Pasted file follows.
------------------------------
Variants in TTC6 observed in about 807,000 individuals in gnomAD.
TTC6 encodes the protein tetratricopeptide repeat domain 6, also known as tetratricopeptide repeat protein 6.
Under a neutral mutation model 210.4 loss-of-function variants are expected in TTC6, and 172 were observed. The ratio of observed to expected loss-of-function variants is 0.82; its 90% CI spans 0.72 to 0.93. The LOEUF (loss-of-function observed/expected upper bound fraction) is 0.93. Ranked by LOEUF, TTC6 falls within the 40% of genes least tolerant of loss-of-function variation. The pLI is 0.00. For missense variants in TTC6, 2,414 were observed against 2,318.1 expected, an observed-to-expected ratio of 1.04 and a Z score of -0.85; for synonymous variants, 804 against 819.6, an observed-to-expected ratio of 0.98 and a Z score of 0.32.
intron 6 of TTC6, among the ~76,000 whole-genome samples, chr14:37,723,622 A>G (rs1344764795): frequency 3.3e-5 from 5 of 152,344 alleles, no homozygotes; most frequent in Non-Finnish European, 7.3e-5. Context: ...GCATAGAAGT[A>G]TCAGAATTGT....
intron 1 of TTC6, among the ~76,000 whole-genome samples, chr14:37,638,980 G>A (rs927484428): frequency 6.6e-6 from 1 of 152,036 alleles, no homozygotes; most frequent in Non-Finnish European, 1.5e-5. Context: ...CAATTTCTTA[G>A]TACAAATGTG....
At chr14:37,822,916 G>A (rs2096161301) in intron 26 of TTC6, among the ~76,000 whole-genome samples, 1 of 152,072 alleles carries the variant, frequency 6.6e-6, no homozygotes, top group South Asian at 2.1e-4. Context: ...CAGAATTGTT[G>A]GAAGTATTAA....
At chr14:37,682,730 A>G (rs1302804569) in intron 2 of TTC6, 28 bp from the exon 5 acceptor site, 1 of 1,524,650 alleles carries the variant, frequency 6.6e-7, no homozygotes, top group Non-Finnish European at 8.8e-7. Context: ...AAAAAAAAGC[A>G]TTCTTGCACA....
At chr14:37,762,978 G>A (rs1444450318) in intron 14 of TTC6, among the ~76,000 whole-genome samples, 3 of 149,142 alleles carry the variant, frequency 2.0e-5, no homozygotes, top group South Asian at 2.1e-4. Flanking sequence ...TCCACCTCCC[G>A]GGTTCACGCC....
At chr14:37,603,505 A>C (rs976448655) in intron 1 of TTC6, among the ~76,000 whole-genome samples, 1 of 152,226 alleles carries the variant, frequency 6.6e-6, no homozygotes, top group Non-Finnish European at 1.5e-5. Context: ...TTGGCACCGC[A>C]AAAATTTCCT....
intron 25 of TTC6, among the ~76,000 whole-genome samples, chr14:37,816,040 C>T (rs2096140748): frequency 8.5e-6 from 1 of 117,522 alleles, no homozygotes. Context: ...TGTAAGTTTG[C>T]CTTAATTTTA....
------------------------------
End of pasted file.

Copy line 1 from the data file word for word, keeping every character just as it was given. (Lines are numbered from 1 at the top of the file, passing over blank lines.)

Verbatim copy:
Variants in TTC6 observed in about 807,000 individuals in gnomAD.